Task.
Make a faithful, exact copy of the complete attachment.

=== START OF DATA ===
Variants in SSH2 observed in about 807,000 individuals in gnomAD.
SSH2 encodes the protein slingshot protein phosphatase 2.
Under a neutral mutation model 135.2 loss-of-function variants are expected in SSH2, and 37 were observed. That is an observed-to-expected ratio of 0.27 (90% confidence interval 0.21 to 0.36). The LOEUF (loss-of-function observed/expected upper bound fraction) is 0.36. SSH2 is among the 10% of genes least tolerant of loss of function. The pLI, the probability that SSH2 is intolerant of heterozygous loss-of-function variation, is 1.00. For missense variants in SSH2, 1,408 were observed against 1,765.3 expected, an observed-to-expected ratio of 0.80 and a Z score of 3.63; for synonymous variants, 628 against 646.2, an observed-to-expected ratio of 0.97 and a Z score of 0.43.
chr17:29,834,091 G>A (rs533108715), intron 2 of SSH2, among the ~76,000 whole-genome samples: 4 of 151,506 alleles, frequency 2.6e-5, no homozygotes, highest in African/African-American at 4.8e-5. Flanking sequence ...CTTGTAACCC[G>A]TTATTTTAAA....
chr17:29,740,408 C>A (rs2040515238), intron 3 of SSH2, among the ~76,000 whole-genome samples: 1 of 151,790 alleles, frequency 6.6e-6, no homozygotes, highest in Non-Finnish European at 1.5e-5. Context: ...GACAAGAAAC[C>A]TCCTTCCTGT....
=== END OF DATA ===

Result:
Variants in SSH2 observed in about 807,000 individuals in gnomAD.
SSH2 encodes the protein slingshot protein phosphatase 2.
Under a neutral mutation model 135.2 loss-of-function variants are expected in SSH2, and 37 were observed. That is an observed-to-expected ratio of 0.27 (90% confidence interval 0.21 to 0.36). The LOEUF (loss-of-function observed/expected upper bound fraction) is 0.36. SSH2 is among the 10% of genes least tolerant of loss of function. The pLI, the probability that SSH2 is intolerant of heterozygous loss-of-function variation, is 1.00. For missense variants in SSH2, 1,408 were observed against 1,765.3 expected, an observed-to-expected ratio of 0.80 and a Z score of 3.63; for synonymous variants, 628 against 646.2, an observed-to-expected ratio of 0.97 and a Z score of 0.43.
chr17:29,834,091 G>A (rs533108715), intron 2 of SSH2, among the ~76,000 whole-genome samples: 4 of 151,506 alleles, frequency 2.6e-5, no homozygotes, highest in African/African-American at 4.8e-5. Flanking sequence ...CTTGTAACCC[G>A]TTATTTTAAA....
chr17:29,740,408 C>A (rs2040515238), intron 3 of SSH2, among the ~76,000 whole-genome samples: 1 of 151,790 alleles, frequency 6.6e-6, no homozygotes, highest in Non-Finnish European at 1.5e-5. Context: ...GACAAGAAAC[C>A]TCCTTCCTGT....